Second, information must pass from employees and independent contractors to the management, compliance officer, and compliance committee. In order to develop these open lines of communication most effectively, employees should be able to ask questions of the compliance officer or the employee's supervisor regarding the compliance program. A hotline number may also be utilized by employees and independent contractors to report problems. The hotline number should be publicized and made available to all employees and independent contractors. Efforts should be taken to protect anonymity and, if the caller is known, precautions must be taken to protect the whistleblower from any retaliation.


If you or a colleague would like additional information regarding developing open lines of communication or other substantive requirements of an operational compliance program, please contact Jennifer Cohen, Esq. at 609-454-5351 or



Law Offices Of David S. Barmak, LLC

Our firm is dedicated to helping health care providers, such as skilled nursing facilities and other health care providers, and the suppliers to those firms, manage risk through comprehensive compliance programs that focus on early intervention through  on-site training, communication, policy & procedure review, monitoring and consultation. The program includes on site training in the areas of, but not limited to, fraud & abuse, HIPAA privacy and data security, employment, emergency preparedness, workplace violence, clinical documentation, sexual harassment and social networking.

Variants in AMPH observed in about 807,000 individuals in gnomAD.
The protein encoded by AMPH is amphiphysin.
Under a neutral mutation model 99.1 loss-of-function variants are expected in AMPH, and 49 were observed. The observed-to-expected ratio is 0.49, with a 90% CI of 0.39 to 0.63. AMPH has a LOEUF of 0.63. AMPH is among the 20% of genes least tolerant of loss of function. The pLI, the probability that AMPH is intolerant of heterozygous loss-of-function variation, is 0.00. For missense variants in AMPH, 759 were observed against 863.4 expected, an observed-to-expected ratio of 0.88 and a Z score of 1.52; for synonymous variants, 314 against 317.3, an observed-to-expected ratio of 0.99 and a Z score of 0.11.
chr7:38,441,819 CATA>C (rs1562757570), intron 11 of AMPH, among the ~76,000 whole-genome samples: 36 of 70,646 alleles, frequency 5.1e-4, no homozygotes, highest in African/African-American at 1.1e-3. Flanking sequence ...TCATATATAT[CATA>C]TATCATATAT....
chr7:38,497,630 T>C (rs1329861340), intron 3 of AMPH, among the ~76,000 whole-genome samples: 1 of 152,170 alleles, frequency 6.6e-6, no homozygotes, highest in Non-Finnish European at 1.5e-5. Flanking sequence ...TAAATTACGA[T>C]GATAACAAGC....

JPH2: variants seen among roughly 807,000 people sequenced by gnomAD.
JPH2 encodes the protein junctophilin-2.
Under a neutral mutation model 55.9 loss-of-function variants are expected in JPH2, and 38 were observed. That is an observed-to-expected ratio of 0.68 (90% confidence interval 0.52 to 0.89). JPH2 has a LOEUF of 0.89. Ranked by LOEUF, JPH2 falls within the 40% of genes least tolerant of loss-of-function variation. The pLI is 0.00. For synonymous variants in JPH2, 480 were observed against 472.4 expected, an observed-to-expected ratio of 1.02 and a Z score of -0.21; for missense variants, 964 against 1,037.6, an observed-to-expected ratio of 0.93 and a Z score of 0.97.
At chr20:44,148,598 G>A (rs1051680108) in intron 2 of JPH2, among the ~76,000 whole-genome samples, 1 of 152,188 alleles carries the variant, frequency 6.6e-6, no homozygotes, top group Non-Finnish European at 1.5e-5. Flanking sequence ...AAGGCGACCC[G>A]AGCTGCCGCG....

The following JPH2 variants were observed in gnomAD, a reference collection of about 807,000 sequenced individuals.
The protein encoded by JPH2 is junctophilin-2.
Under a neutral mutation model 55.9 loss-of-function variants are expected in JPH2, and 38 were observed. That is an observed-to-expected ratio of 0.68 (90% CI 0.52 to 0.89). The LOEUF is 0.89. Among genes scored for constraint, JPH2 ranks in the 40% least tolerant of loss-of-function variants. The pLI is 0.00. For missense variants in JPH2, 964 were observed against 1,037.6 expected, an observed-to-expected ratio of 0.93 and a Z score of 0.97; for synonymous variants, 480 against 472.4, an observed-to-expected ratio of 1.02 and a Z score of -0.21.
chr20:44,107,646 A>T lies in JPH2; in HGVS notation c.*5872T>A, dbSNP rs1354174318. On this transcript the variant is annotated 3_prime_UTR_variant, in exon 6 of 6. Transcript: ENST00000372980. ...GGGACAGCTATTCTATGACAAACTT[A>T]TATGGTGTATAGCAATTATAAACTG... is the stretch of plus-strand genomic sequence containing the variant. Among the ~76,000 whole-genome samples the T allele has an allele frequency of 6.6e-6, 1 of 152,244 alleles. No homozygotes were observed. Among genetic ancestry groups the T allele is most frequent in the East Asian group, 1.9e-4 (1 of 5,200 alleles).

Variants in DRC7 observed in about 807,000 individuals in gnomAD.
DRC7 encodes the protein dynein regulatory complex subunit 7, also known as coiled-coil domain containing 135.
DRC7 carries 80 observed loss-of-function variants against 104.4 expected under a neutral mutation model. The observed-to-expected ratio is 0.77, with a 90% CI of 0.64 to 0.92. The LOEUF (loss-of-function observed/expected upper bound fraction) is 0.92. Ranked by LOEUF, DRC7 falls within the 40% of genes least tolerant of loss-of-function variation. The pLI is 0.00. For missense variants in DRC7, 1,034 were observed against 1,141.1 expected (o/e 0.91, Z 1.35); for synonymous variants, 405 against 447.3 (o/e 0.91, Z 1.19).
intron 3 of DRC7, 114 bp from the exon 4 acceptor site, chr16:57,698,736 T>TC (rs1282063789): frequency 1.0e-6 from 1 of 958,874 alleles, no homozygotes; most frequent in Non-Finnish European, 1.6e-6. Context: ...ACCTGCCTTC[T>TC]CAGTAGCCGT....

The firm's compliance team includes experienced compliance attorneys, nurses, physical therapy and pharmacy consultants who are available to assist clients with pre and post Department of Health (DOH) survey procedures, respond to DOH questions, prepare for re-inspections, minimize risks for deficiencies, offer support to Directors of Nursing regarding correct care plans, incident reports and therapy notes, review Medicare billing and audit PPS/Medicare/Medicaid insurance documentation.


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This newsletter has been prepared by the Law Offices Of David S. Barmak, LLC for informational purposes only and is not intended to provide legal advice. You should consult an attorney for advice regarding your individual situation. We invite you to contact us. Contacting us does not create an attorney-client relationship. Please do not send any confidential information to us until such time as an attorney-client relationship has been established.


For more information, please contact David S. Barmak, Esq.:

Telephone (609) 454-5351

Fax (609) 454-5361

Copyright, 2012.  Law Offices Of David S. Barmak, LLC.  All rights reserved.
No portion of these materials may be reproduced by any means without the advance written permission of the author.